Making Your WordPress Knowledge Base Live

If you've been following this series, you now have a theme for a knowledge base with a structure and front end. The final step is to make the knowledge base live. 

If the requirements of your knowledge base are simple, then you won't need to worry about access, roles or hosting before you make your knowledge base live. Just make it visible to search engines, install and configure an SEO plugin, and you're good to go. 

But if you need to host your knowledge base differently or restrict access to it in some way, you'll need to make some additional changes prior to launch.

In this tutorial I'll look at some of the considerations you may need to take into account and some of the solutions to them. I'll cover:

  • populating the knowledge base
  • creating extra user roles
  • restricting access to the knowledge base to logged-in users
  • hosting the knowledge base locally

1. Populating the Knowledge Base

It's unlikely that it will be your job to populate the knowledge base if you're creating it for a client—they'll probably have in-house staff who are experts on the subject it covers, or will have access to the materials and information needed to populate the knowledge base.

It's possible that they'll start this before you've completed the final build of the theme, and that the client will start to populate the knowledge base at beta stage, requesting tweaks to the final version based on their experience.

If this is the case, you'll need to ensure that any development work you do on the final version is on a separate copy of the site and that when you launch the knowledge base, you ensure that you don't overwrite anything in the database or any files in the wp-uploads directory. You might also need to amend page IDs referred to in the theme if the client is creating and populating these pages.

You might also need to provide training or guidance to the client to help them populate the knowledge base, particularly if you have made significant customizations via taxonomies and custom post types.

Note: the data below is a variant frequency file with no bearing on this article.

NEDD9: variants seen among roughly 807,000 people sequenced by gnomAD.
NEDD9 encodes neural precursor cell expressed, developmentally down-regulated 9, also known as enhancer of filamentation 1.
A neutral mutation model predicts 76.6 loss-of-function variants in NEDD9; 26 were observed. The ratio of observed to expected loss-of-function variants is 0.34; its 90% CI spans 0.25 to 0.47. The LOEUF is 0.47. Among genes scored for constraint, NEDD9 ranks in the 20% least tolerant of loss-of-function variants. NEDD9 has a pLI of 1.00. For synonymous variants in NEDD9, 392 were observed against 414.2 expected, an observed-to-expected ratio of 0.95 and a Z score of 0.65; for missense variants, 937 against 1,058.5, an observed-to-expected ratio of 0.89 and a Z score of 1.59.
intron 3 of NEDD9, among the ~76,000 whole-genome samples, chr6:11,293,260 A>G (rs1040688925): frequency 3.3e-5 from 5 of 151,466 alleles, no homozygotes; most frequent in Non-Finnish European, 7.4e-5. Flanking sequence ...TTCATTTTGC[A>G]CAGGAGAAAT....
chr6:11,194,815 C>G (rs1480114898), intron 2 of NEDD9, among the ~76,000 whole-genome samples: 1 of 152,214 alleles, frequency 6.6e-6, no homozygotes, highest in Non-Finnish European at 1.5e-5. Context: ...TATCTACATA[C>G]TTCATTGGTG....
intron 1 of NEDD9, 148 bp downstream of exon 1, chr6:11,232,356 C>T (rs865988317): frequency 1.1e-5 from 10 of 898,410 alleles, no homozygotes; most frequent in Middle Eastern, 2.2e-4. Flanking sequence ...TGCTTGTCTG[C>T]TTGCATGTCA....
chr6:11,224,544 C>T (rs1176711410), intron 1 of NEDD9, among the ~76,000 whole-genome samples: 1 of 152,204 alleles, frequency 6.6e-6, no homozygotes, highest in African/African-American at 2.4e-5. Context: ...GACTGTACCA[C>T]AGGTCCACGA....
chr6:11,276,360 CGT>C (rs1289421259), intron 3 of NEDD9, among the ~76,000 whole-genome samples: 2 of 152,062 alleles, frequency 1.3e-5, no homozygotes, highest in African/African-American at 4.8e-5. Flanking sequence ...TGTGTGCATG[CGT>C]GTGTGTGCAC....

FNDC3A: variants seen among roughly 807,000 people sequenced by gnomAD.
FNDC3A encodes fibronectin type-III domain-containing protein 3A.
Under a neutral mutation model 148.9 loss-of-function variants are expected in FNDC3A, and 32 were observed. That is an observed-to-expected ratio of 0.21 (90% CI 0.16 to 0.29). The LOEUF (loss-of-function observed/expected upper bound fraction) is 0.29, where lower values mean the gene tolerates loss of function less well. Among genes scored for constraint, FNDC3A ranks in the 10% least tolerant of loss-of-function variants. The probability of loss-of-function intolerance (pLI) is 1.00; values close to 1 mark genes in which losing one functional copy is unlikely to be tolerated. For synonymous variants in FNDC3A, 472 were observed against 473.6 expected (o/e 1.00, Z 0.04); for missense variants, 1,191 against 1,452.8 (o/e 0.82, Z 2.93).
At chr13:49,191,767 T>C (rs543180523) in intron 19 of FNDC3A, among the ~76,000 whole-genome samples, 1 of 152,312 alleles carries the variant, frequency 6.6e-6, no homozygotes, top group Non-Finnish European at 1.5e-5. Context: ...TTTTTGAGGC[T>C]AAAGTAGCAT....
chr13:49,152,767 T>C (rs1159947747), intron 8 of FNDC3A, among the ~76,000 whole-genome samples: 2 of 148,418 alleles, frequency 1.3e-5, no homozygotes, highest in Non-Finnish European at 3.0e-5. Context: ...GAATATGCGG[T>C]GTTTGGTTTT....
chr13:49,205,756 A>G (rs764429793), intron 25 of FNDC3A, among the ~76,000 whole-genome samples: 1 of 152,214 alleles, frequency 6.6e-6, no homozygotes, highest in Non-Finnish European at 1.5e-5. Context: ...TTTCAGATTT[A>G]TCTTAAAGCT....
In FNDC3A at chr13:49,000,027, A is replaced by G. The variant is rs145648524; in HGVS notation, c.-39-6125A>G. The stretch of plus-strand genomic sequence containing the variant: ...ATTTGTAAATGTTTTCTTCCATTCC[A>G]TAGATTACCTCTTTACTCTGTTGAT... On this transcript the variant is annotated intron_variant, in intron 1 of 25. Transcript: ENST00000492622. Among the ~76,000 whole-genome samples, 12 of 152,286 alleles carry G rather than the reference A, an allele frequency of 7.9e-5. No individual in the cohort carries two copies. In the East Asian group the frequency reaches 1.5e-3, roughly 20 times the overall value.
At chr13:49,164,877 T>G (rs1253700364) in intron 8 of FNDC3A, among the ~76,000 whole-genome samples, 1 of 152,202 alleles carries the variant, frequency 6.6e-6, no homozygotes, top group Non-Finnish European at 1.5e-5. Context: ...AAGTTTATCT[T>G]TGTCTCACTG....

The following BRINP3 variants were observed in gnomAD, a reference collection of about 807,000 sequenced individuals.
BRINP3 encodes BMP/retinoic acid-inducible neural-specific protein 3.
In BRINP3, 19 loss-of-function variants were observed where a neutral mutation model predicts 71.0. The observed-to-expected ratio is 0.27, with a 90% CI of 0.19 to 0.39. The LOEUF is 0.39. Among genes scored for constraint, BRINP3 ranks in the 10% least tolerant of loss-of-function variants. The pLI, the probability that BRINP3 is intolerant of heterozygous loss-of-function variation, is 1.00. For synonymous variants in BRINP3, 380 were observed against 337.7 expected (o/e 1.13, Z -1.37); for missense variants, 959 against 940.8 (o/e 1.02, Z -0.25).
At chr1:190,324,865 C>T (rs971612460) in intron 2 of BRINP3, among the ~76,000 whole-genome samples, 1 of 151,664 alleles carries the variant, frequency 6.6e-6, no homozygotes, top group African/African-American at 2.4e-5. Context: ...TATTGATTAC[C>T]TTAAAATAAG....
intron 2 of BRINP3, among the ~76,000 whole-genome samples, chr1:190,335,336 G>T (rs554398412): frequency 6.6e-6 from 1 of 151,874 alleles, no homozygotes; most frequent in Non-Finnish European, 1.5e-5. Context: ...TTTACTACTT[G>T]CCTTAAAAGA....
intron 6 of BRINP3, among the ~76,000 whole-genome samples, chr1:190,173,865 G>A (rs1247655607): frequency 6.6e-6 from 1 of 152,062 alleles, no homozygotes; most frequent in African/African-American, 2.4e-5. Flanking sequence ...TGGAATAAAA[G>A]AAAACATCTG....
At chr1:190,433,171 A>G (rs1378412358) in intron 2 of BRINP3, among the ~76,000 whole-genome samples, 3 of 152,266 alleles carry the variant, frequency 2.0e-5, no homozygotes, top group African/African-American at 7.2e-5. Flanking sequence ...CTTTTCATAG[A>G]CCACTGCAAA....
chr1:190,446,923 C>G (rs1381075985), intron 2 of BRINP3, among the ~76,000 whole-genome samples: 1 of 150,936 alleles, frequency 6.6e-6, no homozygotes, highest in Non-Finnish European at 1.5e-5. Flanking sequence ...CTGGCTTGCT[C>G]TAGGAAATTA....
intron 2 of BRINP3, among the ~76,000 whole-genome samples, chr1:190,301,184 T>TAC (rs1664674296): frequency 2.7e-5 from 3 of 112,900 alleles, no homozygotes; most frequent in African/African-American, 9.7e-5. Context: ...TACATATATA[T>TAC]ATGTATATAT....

In some cases, you may need to customize the WordPress admin to provide help—you can add extra dashboard widgets to the main dashboard as well as removing unneeded ones, and also add help to the editing screens for each post type.

2. Creating User Roles

If your client has multiple staff who will be accessing the knowledge base in different ways, perhaps to populate or view specific sections of it, you might need to create extra user roles.

You can do this programmatically using the add_role() function, which takes the following parameters:

  • $role is a unique name for the new role.
  • $display_name is the name that will be seen in the users' screens.
  • $capabilities means the capabilities for this role. 

If the capabilities for the new role are different from the default WordPress capabilities, you may need to add your own, using add_cap(). You can then use if ( current_user_can( $capability ) ) in your theme or plugins to define code which will only run if the current user has the new capability.

An alternative and quicker option is to use a plugin to manage user roles. A popular plugin which lets you create new roles using existing WordPress capabilities is the Members plugin. With this plugin, you can create custom roles and select their capabilities via the WordPress admin, as shown in the screenshot:

Members plugin - add new role

If you want to go further and create custom capabilities, the Capability Manager Enhanced plugin lets you create new capabilities and define what actions users with those capabilities can take in relation to different post types, meaning you can restrict access to certain parts of your knowledge base:

Capability Manager Enhanced plugin

3. Restricting Access to Logged-in Users